Posted: 2:35 am ET
Via USCG Karachi/YouTube:
Posted: 2:35 am ET
Via USCG Karachi/YouTube:
Posted: 2:48 am ET
Over 200 people from Pakistan have been named as having offshore companies in the Panama Papers. Media reports say that Prime Minister Nawaz Sharif is linked to 9 companies connected to his family name. He has faced strong criticism for it at home while he is reportedly in London for a medical checkup. On April 13, somebody with no apparent separation anxiety put up the prime minister for sale on eBay UK with a startling beginning price of £99.99. There are currently 100 bids from 12 bidders. The latest bid as of this writing is £66,200.00.
The seller’s description says “No box or instructions. Buyer must collect. Seller not prepared to touch item. Pick up from central London today, address will be supplied on completion of sale. Buyer must arrange own transport.” And that’s the nicer part of the description.
It looks like the idea started off with UK’s prime minister. A couple of days previously, somebody also tried to sell Prime Minister David Cameron on eBay, although it looks like the listing had been taken down with 5 days to go. There were 153 bids before it was removed.
Posted: 7:59 pm EDT
Just saw the news that the Justice Department has closed its espionage investigation into former Ambassador Robin L. Raphel and will not file charges.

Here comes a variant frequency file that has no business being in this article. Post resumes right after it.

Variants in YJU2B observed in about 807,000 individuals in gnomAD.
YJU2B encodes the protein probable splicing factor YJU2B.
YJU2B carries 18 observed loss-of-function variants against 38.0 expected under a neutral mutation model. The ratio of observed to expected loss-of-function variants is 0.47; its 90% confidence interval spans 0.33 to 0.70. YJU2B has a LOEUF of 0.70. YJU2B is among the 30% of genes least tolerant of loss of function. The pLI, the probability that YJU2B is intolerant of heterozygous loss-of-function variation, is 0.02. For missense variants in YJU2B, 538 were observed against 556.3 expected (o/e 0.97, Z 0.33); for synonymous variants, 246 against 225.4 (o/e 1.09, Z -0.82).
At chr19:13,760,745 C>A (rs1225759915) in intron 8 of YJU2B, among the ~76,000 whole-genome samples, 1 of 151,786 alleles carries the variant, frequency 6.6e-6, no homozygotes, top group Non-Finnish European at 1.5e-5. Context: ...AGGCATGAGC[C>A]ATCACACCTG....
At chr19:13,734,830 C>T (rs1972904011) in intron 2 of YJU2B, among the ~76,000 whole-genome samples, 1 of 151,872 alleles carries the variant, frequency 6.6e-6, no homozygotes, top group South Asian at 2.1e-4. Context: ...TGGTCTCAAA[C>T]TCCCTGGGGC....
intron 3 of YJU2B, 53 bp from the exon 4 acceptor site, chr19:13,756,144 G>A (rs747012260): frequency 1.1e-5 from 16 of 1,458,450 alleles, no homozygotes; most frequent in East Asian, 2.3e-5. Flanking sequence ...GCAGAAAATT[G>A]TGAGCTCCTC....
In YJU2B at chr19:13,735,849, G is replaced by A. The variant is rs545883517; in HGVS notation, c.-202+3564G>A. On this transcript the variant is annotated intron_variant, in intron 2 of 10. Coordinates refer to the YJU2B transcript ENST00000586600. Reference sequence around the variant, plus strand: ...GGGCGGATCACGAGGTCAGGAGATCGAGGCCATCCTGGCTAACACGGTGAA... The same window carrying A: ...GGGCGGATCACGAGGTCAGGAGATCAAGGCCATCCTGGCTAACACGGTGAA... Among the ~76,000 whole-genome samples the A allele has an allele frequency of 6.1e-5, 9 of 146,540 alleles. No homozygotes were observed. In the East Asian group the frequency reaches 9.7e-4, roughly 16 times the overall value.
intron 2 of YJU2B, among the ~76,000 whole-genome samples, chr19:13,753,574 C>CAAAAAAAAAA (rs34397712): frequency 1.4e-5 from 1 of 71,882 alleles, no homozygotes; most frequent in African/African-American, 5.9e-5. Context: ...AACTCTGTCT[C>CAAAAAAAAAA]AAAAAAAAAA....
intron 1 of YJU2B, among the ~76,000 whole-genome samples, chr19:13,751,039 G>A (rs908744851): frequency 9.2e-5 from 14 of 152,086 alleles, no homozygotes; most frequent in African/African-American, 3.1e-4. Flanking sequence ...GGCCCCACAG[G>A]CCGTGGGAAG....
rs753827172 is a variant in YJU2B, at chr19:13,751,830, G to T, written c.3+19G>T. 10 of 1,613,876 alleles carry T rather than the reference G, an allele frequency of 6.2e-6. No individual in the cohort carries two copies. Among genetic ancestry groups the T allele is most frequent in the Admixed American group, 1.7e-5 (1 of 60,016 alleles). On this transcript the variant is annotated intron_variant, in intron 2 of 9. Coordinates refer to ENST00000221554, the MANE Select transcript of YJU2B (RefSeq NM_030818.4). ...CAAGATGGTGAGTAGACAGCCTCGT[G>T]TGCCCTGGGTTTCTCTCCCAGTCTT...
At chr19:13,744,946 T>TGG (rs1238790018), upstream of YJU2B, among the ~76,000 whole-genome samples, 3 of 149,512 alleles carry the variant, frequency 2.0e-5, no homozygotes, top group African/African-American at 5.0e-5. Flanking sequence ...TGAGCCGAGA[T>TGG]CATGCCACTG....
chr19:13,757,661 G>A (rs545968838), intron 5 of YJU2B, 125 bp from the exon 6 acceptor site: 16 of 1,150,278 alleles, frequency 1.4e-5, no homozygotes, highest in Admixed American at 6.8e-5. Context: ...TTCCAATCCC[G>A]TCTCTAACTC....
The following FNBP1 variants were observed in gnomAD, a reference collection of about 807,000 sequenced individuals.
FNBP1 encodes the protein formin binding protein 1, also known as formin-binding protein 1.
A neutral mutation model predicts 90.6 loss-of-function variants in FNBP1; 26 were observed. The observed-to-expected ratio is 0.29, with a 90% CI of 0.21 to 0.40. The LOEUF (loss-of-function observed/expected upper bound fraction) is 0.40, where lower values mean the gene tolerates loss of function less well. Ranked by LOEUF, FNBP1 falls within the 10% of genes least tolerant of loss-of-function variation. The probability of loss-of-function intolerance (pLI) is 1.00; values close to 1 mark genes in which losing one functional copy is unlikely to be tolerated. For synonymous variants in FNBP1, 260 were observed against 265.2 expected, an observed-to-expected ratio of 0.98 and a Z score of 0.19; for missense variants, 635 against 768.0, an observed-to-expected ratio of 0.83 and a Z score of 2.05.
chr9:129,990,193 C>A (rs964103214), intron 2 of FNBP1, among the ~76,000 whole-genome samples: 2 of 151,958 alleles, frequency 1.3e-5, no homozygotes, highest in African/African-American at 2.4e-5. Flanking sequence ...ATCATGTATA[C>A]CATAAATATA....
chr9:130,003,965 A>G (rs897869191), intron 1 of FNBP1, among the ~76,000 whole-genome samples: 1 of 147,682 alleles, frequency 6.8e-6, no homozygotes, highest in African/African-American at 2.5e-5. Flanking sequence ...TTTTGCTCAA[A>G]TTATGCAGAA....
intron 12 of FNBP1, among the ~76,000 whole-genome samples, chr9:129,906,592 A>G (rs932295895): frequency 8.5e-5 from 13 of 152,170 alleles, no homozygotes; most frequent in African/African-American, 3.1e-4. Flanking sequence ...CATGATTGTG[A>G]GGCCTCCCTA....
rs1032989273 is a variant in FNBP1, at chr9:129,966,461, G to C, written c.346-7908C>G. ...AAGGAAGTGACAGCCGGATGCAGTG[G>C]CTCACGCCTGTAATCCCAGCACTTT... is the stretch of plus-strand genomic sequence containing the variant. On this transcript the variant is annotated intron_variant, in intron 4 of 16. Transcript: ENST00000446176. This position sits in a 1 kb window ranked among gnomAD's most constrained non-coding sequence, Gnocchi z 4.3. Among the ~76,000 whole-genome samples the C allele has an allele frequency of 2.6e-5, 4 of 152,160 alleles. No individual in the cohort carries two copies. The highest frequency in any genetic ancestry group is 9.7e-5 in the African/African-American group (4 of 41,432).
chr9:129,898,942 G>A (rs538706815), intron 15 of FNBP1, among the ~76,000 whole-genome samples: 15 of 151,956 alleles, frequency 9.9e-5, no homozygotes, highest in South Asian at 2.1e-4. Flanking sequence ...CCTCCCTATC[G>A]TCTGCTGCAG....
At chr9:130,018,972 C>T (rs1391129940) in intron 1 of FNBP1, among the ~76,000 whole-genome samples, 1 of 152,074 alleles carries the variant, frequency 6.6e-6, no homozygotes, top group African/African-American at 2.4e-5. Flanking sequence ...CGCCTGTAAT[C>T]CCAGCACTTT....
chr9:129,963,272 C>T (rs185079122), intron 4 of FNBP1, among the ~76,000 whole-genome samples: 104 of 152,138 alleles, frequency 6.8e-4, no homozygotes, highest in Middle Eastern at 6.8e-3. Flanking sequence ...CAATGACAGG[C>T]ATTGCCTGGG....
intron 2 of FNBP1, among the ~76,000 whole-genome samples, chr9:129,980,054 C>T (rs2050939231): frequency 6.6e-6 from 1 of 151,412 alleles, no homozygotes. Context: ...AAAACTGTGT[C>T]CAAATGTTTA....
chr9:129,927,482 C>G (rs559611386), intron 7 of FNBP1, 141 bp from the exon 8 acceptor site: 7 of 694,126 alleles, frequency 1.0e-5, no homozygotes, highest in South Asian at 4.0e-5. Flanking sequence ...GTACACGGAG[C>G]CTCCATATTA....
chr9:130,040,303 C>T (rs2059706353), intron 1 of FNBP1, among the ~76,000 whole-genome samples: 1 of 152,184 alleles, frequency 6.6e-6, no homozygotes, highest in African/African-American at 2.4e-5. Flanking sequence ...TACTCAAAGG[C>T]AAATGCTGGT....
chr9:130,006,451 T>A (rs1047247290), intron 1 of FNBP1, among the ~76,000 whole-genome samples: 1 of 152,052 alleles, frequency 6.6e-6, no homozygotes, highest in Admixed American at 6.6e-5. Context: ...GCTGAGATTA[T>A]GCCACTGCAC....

Agents from the Federal Bureau of Investigation raided Ms. Raphel’s home and office in 2014 looking for evidence that she was spying for Pakistan, which Ms. Raphel adamantly denied.
“It was clear from the outset that this investigation was based on a fundamental misunderstanding,” Amy Jeffress, a lawyer for Ms. Raphel, said in a statement that sharply criticized government officials for revealing details of the investigation to reporters.
She added: “It is of the utmost importance to our national security that our diplomats be able to do their work without fearing that their routine diplomatic communications will subject them to criminal investigation.”
A message left with the Justice Department was not immediately returned, though officials there have consistently declined to comment publicly on the case.
The investigation began when American investigators intercepted a conversation in which a Pakistani official suggested that his government was receiving American secrets from Ms. Raphel, a conversation that led to months of secret surveillance.